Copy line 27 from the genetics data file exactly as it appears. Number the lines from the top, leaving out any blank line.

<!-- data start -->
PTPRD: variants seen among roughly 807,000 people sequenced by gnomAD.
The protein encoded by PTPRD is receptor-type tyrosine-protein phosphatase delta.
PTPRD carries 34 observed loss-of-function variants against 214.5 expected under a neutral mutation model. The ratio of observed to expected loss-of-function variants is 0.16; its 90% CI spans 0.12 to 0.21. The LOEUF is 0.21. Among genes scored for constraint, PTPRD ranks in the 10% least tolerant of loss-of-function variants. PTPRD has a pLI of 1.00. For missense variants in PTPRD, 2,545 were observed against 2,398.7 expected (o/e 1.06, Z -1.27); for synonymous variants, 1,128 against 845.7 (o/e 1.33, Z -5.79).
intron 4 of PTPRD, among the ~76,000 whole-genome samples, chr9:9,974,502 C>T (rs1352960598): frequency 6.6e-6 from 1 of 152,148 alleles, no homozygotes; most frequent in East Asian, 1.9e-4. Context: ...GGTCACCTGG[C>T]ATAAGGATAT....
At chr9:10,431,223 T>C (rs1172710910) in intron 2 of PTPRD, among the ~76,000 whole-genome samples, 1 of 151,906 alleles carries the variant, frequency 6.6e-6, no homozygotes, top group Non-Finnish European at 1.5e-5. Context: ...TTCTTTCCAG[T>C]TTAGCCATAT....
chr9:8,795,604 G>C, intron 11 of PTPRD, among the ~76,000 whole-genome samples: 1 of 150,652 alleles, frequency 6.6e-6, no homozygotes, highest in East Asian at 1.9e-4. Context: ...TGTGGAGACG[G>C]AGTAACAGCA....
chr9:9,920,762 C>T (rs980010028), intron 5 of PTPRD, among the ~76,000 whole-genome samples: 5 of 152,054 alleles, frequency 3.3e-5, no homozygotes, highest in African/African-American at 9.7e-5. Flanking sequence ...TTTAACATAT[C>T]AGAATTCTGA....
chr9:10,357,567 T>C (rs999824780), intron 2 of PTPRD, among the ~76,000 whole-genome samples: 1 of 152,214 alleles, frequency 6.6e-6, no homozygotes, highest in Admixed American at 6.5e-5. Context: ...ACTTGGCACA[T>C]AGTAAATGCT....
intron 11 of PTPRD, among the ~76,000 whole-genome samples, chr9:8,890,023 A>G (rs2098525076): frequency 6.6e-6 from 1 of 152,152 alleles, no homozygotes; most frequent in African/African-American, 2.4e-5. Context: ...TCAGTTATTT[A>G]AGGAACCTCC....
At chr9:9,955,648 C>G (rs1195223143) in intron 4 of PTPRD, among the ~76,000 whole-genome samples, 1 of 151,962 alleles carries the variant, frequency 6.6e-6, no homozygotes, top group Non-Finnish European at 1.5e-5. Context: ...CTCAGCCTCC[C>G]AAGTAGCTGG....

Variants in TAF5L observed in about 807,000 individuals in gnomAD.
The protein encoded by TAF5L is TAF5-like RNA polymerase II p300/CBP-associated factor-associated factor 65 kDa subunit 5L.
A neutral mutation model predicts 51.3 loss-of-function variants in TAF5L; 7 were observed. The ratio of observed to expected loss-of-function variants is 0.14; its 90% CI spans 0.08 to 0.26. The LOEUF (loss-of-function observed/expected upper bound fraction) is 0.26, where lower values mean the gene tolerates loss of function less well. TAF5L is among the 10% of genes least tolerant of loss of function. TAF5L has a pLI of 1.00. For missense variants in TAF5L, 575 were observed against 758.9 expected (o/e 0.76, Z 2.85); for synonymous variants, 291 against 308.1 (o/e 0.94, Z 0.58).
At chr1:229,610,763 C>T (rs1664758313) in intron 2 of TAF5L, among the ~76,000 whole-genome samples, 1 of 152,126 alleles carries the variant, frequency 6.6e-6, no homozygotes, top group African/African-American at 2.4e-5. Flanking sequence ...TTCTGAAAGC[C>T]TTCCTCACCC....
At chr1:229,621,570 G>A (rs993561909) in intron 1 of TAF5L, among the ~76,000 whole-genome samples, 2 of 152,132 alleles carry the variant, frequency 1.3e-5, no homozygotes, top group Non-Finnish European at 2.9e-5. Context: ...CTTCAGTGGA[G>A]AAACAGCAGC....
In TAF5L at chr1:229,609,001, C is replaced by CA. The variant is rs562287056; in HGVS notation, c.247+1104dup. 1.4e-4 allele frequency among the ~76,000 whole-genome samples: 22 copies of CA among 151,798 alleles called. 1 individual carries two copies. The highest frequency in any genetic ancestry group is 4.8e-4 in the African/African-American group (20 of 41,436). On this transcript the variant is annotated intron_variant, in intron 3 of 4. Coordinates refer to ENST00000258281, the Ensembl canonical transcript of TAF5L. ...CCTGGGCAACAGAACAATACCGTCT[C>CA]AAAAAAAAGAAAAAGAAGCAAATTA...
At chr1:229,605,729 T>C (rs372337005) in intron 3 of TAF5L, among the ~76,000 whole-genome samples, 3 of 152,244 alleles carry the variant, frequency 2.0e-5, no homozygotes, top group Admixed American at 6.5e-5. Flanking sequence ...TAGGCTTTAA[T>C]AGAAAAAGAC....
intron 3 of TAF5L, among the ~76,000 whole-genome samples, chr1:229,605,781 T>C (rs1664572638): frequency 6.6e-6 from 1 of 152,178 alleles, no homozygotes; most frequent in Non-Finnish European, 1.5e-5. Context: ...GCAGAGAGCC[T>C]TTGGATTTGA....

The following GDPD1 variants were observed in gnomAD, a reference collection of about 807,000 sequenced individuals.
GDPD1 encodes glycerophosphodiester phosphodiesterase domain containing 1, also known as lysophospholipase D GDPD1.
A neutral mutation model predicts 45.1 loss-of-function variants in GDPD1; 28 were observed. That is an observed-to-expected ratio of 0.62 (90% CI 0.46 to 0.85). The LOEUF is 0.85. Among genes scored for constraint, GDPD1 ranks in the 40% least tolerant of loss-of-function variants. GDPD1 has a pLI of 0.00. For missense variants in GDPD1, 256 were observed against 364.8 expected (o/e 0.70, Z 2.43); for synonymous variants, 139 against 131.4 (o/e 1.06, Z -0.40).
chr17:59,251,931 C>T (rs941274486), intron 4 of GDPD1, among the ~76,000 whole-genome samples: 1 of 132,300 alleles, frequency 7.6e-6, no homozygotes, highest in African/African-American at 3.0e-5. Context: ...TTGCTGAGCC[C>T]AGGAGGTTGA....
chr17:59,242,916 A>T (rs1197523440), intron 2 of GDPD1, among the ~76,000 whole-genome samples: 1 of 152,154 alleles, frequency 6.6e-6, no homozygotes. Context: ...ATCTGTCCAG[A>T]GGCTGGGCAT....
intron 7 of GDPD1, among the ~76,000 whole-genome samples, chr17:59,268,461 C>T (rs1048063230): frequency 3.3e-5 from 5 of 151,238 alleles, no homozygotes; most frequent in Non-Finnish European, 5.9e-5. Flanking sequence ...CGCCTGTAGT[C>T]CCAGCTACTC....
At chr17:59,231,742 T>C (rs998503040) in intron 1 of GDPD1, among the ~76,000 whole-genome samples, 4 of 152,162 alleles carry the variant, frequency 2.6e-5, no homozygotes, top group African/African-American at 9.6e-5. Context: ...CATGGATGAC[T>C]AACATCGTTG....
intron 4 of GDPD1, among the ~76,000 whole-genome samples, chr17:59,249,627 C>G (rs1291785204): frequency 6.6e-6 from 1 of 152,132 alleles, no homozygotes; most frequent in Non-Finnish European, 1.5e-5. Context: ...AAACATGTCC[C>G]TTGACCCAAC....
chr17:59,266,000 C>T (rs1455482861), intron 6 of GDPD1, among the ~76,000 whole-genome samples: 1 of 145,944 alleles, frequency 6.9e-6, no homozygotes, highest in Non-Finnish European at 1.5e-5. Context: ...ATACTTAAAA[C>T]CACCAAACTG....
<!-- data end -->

chr17:59,266,000 C>T (rs1455482861), intron 6 of GDPD1, among the ~76,000 whole-genome samples: 1 of 145,944 alleles, frequency 6.9e-6, no homozygotes, highest in Non-Finnish European at 1.5e-5. Context: ...ATACTTAAAA[C>T]CACCAAACTG....